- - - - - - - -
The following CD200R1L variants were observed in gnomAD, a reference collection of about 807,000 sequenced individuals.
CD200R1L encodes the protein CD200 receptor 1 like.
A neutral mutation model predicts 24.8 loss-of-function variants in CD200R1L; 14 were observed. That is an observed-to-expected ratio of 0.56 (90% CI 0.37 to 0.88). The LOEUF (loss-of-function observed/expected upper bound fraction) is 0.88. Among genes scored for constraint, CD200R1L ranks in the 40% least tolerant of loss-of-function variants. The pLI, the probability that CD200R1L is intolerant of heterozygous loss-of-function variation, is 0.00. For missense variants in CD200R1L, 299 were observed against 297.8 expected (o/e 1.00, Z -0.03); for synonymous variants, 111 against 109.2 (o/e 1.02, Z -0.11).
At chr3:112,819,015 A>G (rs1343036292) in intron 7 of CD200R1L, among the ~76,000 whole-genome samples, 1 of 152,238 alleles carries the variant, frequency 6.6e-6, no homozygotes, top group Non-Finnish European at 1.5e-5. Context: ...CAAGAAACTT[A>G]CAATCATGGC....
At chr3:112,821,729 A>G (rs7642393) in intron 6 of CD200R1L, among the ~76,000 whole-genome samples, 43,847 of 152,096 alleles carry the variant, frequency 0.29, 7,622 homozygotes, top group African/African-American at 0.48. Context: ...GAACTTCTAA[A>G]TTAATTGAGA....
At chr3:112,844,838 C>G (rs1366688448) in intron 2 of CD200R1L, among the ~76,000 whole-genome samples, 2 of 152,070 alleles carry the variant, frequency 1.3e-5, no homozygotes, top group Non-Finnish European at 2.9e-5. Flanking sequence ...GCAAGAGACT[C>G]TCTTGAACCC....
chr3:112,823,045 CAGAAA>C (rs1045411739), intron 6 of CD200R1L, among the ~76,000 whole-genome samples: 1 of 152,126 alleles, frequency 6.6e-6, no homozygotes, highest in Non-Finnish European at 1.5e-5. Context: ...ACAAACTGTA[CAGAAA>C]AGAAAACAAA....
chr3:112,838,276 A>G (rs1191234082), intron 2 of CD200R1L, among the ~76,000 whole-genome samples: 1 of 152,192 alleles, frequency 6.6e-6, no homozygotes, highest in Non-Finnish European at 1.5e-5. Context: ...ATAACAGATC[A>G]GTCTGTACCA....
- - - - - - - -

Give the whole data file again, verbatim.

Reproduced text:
The following CD200R1L variants were observed in gnomAD, a reference collection of about 807,000 sequenced individuals.
CD200R1L encodes the protein CD200 receptor 1 like.
A neutral mutation model predicts 24.8 loss-of-function variants in CD200R1L; 14 were observed. That is an observed-to-expected ratio of 0.56 (90% CI 0.37 to 0.88). The LOEUF (loss-of-function observed/expected upper bound fraction) is 0.88. Among genes scored for constraint, CD200R1L ranks in the 40% least tolerant of loss-of-function variants. The pLI, the probability that CD200R1L is intolerant of heterozygous loss-of-function variation, is 0.00. For missense variants in CD200R1L, 299 were observed against 297.8 expected (o/e 1.00, Z -0.03); for synonymous variants, 111 against 109.2 (o/e 1.02, Z -0.11).
At chr3:112,819,015 A>G (rs1343036292) in intron 7 of CD200R1L, among the ~76,000 whole-genome samples, 1 of 152,238 alleles carries the variant, frequency 6.6e-6, no homozygotes, top group Non-Finnish European at 1.5e-5. Context: ...CAAGAAACTT[A>G]CAATCATGGC....
At chr3:112,821,729 A>G (rs7642393) in intron 6 of CD200R1L, among the ~76,000 whole-genome samples, 43,847 of 152,096 alleles carry the variant, frequency 0.29, 7,622 homozygotes, top group African/African-American at 0.48. Context: ...GAACTTCTAA[A>G]TTAATTGAGA....
At chr3:112,844,838 C>G (rs1366688448) in intron 2 of CD200R1L, among the ~76,000 whole-genome samples, 2 of 152,070 alleles carry the variant, frequency 1.3e-5, no homozygotes, top group Non-Finnish European at 2.9e-5. Flanking sequence ...GCAAGAGACT[C>G]TCTTGAACCC....
chr3:112,823,045 CAGAAA>C (rs1045411739), intron 6 of CD200R1L, among the ~76,000 whole-genome samples: 1 of 152,126 alleles, frequency 6.6e-6, no homozygotes, highest in Non-Finnish European at 1.5e-5. Context: ...ACAAACTGTA[CAGAAA>C]AGAAAACAAA....
chr3:112,838,276 A>G (rs1191234082), intron 2 of CD200R1L, among the ~76,000 whole-genome samples: 1 of 152,192 alleles, frequency 6.6e-6, no homozygotes, highest in Non-Finnish European at 1.5e-5. Context: ...ATAACAGATC[A>G]GTCTGTACCA....